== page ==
LA Man Charged with Arson Was Upset About Police Killings, Witnesses Say

Dawud Abdulwali is charged with arson of a structure. Facebook

Dawud Abdulwali is charged with arson of a structure. Facebook

A man police say is responsible for one of the largest structural fires in Los Angeles history was upset about the national trend of African-American deaths at the hands of police, according to witness testimony.

Prosecutors held a preliminary hearing Tuesday for the case against Dawud Abdulwali, 57, accused of setting fire to the DaVinci apartment complex, a 75,000 square-foot, seven-story site under construction in Downtown L.A., The Los Angeles Times reports. The December 2014 blaze spread to a nearby city-owned building and caused $100 million in damages. No deaths or injuries were reported.

Popaul Tshimanga said Abdulwali bragged about the fire and ranted about Mike Brown at a Hollywood party they attended a week later.

“He was mad,” Tshimanga said, adding that the defendant said “he burned the building” near LA’s 110 freeway. “He didn’t like the way the cops were killing Black people.”

Tshimanga said that both he and Abdulwali were under the influence of alcohol and cocaine at the party.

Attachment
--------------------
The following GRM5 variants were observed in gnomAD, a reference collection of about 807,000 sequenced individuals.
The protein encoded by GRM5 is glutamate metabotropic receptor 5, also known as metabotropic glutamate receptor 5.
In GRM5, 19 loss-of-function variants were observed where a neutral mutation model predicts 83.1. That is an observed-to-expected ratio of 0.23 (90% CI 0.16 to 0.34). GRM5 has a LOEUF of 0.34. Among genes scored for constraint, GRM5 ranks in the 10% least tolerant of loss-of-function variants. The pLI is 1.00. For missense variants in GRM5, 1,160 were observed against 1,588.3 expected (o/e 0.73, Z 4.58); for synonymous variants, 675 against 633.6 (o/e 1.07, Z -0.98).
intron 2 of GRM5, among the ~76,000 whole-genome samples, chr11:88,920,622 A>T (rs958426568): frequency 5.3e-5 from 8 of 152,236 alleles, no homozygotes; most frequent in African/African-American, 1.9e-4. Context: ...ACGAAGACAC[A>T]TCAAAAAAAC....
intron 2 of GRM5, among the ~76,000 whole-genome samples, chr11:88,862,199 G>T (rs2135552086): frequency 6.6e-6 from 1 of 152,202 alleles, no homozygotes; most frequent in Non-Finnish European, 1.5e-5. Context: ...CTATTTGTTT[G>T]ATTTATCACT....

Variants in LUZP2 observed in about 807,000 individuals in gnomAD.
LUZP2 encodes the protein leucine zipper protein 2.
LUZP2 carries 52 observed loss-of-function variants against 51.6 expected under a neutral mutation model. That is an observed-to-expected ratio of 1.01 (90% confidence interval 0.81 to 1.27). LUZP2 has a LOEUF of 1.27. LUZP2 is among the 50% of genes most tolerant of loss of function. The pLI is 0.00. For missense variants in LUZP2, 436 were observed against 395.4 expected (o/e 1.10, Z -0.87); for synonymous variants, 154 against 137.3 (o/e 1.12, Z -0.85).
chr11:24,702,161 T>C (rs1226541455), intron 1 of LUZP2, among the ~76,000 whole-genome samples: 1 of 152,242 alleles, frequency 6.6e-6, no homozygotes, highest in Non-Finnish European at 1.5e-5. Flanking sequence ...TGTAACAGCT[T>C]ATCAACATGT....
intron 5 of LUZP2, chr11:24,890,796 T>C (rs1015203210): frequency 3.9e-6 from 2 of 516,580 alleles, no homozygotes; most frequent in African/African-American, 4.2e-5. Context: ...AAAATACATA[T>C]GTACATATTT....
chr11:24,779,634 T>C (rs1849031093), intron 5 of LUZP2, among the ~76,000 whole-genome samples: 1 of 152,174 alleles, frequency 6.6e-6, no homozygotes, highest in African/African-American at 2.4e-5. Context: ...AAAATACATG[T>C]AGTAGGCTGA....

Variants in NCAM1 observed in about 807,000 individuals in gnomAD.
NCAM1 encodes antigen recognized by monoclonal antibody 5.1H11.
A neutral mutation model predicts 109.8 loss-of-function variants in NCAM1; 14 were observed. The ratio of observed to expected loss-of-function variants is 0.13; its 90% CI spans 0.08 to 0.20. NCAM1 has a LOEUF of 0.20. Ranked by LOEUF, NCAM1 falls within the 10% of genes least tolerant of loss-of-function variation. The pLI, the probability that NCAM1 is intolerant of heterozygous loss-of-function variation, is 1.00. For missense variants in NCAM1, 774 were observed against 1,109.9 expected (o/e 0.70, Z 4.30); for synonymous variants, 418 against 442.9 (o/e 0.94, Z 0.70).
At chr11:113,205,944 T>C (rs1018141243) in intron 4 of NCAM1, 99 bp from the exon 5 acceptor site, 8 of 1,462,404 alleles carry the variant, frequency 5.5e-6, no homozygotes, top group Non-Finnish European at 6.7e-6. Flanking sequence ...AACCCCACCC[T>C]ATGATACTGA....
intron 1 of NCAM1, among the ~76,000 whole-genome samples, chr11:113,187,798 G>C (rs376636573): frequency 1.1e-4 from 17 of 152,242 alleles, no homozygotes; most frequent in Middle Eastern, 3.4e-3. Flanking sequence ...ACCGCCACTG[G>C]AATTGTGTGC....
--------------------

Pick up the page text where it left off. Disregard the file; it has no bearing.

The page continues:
Tshimanga’s statements echoed those of Abdulwali’s former roommate, Edwyn Gomez, who previously told investigators that he heard the defendant speak strongly about Ferguson, Missouri protests following the shooting death of Brown and wanted vengeance.

“Cops kill my people,” Gomez recalled Abduwali saying. “We should go do this, we should go burn some [expletive] down…. We should go break some windows.”

Gomez denied that he heard his former roommate make those comments during Tuesday’s hearing and appeared distressed while listening to an audio recording of his conversation with police officers. Gomez said he was not aware he was being recorded at the time.

Gomez said the interview with police left him feeling “manipulated” and “confused” and admitted that Abdulwali provided him shelter when he was homeless and had “helped me out more than anybody in my life.”

Both men said that they didn’t go to police because they didn’t take Abdulwali’s comments seriously at the time.

Back to top